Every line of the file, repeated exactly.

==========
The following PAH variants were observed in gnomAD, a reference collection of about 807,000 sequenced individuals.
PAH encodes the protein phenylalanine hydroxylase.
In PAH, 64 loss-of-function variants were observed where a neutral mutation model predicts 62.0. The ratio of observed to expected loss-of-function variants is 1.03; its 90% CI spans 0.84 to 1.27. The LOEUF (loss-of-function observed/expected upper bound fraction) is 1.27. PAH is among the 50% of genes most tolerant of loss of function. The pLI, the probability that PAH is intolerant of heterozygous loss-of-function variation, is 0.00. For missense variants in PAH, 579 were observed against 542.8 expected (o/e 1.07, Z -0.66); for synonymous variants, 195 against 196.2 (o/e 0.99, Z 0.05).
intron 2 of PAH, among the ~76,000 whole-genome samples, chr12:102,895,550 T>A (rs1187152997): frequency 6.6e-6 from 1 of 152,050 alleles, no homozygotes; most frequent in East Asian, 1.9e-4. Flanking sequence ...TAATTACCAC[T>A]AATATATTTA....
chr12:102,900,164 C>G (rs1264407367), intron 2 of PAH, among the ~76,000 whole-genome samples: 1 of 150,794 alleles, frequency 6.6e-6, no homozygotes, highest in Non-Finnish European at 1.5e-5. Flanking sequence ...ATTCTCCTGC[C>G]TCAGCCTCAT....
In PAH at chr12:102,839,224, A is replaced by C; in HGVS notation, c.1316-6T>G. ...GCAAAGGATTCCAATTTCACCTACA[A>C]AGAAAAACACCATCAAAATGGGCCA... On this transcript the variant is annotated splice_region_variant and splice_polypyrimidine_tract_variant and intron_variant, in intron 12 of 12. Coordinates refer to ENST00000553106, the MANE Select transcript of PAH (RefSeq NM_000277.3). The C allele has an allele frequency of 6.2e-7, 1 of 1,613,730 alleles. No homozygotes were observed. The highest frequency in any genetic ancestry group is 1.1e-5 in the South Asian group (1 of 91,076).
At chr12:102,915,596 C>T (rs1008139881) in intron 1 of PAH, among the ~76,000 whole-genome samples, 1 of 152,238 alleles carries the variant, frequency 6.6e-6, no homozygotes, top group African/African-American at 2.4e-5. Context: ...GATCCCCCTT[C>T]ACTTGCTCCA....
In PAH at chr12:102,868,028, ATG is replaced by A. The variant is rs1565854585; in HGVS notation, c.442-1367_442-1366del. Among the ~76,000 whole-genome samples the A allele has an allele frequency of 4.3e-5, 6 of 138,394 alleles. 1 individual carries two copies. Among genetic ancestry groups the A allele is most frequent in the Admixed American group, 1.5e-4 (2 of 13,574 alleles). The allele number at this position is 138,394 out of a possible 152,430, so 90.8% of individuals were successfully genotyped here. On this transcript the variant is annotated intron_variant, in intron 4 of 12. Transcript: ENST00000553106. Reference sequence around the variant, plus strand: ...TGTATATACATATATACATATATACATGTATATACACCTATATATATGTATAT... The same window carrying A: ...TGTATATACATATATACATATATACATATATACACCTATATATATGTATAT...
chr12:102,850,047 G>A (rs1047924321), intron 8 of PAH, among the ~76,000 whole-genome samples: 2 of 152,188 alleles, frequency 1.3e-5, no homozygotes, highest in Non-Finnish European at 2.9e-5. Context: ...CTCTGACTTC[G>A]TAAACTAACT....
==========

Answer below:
The following PAH variants were observed in gnomAD, a reference collection of about 807,000 sequenced individuals.
PAH encodes the protein phenylalanine hydroxylase.
In PAH, 64 loss-of-function variants were observed where a neutral mutation model predicts 62.0. The ratio of observed to expected loss-of-function variants is 1.03; its 90% CI spans 0.84 to 1.27. The LOEUF (loss-of-function observed/expected upper bound fraction) is 1.27. PAH is among the 50% of genes most tolerant of loss of function. The pLI, the probability that PAH is intolerant of heterozygous loss-of-function variation, is 0.00. For missense variants in PAH, 579 were observed against 542.8 expected (o/e 1.07, Z -0.66); for synonymous variants, 195 against 196.2 (o/e 0.99, Z 0.05).
intron 2 of PAH, among the ~76,000 whole-genome samples, chr12:102,895,550 T>A (rs1187152997): frequency 6.6e-6 from 1 of 152,050 alleles, no homozygotes; most frequent in East Asian, 1.9e-4. Flanking sequence ...TAATTACCAC[T>A]AATATATTTA....
chr12:102,900,164 C>G (rs1264407367), intron 2 of PAH, among the ~76,000 whole-genome samples: 1 of 150,794 alleles, frequency 6.6e-6, no homozygotes, highest in Non-Finnish European at 1.5e-5. Flanking sequence ...ATTCTCCTGC[C>G]TCAGCCTCAT....
In PAH at chr12:102,839,224, A is replaced by C; in HGVS notation, c.1316-6T>G. ...GCAAAGGATTCCAATTTCACCTACA[A>C]AGAAAAACACCATCAAAATGGGCCA... On this transcript the variant is annotated splice_region_variant and splice_polypyrimidine_tract_variant and intron_variant, in intron 12 of 12. Coordinates refer to ENST00000553106, the MANE Select transcript of PAH (RefSeq NM_000277.3). The C allele has an allele frequency of 6.2e-7, 1 of 1,613,730 alleles. No homozygotes were observed. The highest frequency in any genetic ancestry group is 1.1e-5 in the South Asian group (1 of 91,076).
At chr12:102,915,596 C>T (rs1008139881) in intron 1 of PAH, among the ~76,000 whole-genome samples, 1 of 152,238 alleles carries the variant, frequency 6.6e-6, no homozygotes, top group African/African-American at 2.4e-5. Context: ...GATCCCCCTT[C>T]ACTTGCTCCA....
In PAH at chr12:102,868,028, ATG is replaced by A. The variant is rs1565854585; in HGVS notation, c.442-1367_442-1366del. Among the ~76,000 whole-genome samples the A allele has an allele frequency of 4.3e-5, 6 of 138,394 alleles. 1 individual carries two copies. Among genetic ancestry groups the A allele is most frequent in the Admixed American group, 1.5e-4 (2 of 13,574 alleles). The allele number at this position is 138,394 out of a possible 152,430, so 90.8% of individuals were successfully genotyped here. On this transcript the variant is annotated intron_variant, in intron 4 of 12. Transcript: ENST00000553106. Reference sequence around the variant, plus strand: ...TGTATATACATATATACATATATACATGTATATACACCTATATATATGTATAT... The same window carrying A: ...TGTATATACATATATACATATATACATATATACACCTATATATATGTATAT...
chr12:102,850,047 G>A (rs1047924321), intron 8 of PAH, among the ~76,000 whole-genome samples: 2 of 152,188 alleles, frequency 1.3e-5, no homozygotes, highest in Non-Finnish European at 2.9e-5. Context: ...CTCTGACTTC[G>A]TAAACTAACT....